Everyone knows what a defibrillator (AED) is. They are used around the world as a first aid to respond to a sudden cardia arrest. Even an untrained, non-medical professional can use one to deliver first aid if required.
In Singapore, they are 9,203 AEDs!
What is a defibrillator used for?
A defibrillator is a device that sends an electrical shock or pulse to the heart in order to restore a normal rhythm. They are used to both prevent and correct abnormal heart rhythms (arrhythmia), and also restart a heart if it stops due to sudden cardiac arrest or other heart conditions.
The very first defibrillator was demonstrated in 1899 by Frédéric Batelli and Jean-Louis Prévost, two physiologists from the University of Geneva.
What are The Different Types of Defibrillators?
Manual External Defibrillator – MEDs are the most recognisable defibrillators thanks to TV, however, they can only be used by healthcare professionals and are primarily found in hospitals and ambulances. They are used in conjunction with an electrocardiogram (ECG), and the user needs to manually identify whether the patient requires a shock, and then what kind of voltage is required.
Automated External Defibrillator – AEDs use two paddles or sticky pads (electrodes) to deliver an electric shock to restore the natural heart rate in a similar way to MEDs. They were designed to allow anyone to use them in an emergency, and the automated computer analyses the heart rhythm to ascertain whether a shock is required—requiring little to no user input in order to save a patient’s life.
Implantable Cardioverter Defibrillator – ICDs are surgically placed within the chest cavity to check and correct arrhythmia. They work in a similar way to pacemakers, however, while pacemakers only deliver low-level shocks, ICD defibrillators are capable of delivering both low- and high-energy shocks.
Wearable Cardioverter Defibrillators – Like an ICD, an WCD can deliver both low- and high-energy shocks to the patient. In fact, the only difference is that these devices are attached to the skin with trailing wires connected to a unit that monitors your heart.
How Does an AED Defibrillator Work?
How does AED work?
AED defibrillators work by identifying arrhythmia and heart failure using a sophisticated computer and then delivering a shock to return the heart back to its natural rhythm. As suggested by the name, defibrillators stop fibrillation, the “trembling” that someone’s heart muscles may experience during cardiac arrest.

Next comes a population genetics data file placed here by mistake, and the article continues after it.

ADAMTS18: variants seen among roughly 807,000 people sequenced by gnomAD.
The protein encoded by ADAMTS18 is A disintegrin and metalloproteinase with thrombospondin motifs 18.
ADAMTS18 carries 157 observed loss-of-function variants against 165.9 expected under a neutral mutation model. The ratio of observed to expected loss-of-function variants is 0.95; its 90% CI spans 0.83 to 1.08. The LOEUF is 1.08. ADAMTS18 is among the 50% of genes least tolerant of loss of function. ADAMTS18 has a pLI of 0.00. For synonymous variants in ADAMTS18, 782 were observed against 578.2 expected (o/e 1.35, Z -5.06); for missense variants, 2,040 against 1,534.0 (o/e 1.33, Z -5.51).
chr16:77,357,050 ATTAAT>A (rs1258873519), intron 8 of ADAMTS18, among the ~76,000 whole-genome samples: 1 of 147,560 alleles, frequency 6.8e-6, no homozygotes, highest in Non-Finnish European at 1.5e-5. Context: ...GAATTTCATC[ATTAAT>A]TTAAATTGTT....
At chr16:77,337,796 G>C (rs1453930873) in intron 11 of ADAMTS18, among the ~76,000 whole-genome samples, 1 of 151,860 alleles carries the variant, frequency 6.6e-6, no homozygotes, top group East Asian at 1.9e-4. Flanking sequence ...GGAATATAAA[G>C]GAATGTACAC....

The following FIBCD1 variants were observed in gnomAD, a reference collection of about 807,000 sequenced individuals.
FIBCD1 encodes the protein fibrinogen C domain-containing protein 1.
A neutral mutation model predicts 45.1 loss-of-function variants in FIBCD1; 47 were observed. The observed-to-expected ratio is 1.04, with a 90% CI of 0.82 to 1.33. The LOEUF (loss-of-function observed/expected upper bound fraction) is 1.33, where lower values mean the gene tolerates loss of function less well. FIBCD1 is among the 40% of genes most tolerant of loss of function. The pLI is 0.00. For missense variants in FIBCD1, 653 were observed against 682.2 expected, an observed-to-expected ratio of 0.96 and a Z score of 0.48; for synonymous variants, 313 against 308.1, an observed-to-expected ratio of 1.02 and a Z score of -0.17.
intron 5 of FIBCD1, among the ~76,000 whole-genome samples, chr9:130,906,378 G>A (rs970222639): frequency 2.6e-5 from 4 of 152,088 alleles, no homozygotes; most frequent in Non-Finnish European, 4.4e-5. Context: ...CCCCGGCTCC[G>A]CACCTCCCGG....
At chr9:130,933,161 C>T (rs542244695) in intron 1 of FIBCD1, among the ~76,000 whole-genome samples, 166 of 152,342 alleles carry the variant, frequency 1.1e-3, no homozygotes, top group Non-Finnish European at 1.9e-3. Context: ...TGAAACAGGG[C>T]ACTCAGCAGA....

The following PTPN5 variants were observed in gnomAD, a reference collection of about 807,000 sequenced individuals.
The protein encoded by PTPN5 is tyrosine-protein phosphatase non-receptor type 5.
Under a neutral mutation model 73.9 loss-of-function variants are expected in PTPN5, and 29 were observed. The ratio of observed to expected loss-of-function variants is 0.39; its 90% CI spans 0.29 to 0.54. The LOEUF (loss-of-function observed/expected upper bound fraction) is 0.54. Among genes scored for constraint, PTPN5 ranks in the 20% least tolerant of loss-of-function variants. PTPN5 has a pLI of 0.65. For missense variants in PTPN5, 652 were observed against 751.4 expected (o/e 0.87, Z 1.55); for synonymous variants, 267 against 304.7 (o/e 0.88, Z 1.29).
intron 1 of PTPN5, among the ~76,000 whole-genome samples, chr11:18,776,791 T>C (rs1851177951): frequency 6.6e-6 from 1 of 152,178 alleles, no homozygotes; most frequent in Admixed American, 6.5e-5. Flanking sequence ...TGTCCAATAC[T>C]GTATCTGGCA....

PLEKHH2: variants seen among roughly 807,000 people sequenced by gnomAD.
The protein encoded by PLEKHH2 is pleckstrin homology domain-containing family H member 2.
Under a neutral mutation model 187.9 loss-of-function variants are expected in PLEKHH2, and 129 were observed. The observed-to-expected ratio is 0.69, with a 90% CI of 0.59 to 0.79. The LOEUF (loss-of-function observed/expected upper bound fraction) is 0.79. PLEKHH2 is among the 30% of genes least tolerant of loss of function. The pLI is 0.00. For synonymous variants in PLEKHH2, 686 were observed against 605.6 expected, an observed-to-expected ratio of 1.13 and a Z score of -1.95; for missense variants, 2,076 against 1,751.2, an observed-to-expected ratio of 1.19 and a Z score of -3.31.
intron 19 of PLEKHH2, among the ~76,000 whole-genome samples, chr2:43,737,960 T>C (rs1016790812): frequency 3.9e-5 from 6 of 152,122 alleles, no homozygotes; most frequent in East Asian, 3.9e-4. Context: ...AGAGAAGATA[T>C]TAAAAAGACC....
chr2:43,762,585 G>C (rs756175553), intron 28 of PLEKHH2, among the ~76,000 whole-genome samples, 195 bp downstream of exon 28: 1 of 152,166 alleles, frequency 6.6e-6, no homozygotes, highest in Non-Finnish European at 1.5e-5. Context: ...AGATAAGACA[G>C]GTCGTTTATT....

AEDs achieve this by passing an electric current through the heart, shocking it back into rhythm. The sticky pads on an AED form a circuit, allowing electricity to pass through the body without harming it and, when placed correctly, focussing that current directly on the heart.
How to Use an AED?
An AED consists of an analysis unit, or computer, and electrodes that are placed on the body which, when combined measure electrical signals from the heart. To help untrained individuals use AEDs correctly, there will be a diagram and set of instructions on the unit itself, telling you how to turn on the machine and begin the process. All clothing should be removed from the patient’s arms, chest, and abdomen before using the AED, and the pads should always be attached directly to the skin.
Once the pads are stuck to the body, the AED will begin to analyse the heart rhythm of the patient. If the process does not start automatically, then ensure you push the analyse button indicated on the machine. During this process, you should not touch or move the patient.
If the AED determines that a shock is required, you will be instructed to press the button on the unit. Newer units will only shock once, however, older units may shock up to three times, so be certain to read the instructions on the unit itself. More information on how to use an AED defibrillator can be found here.
Where to Find an AED
AEDs have revolutionised the healthcare sector, allowing untrained bystanders to provide lifesaving treatment to anyone who requires it. Today, you will find them located within large public places including:
Hospitals and other national institutes of health
When to Use A Defibrillator
AED defibrillators should be used when a patient is unresponsive and AFTER cardiopulmonary resuscitation (CPR) has been performed. This may be any condition where there is no pulse or response from the patient, however, it is also important to shake or otherwise try to wake up someone who is unresponsive before performing CPR or using an AED defibrillator.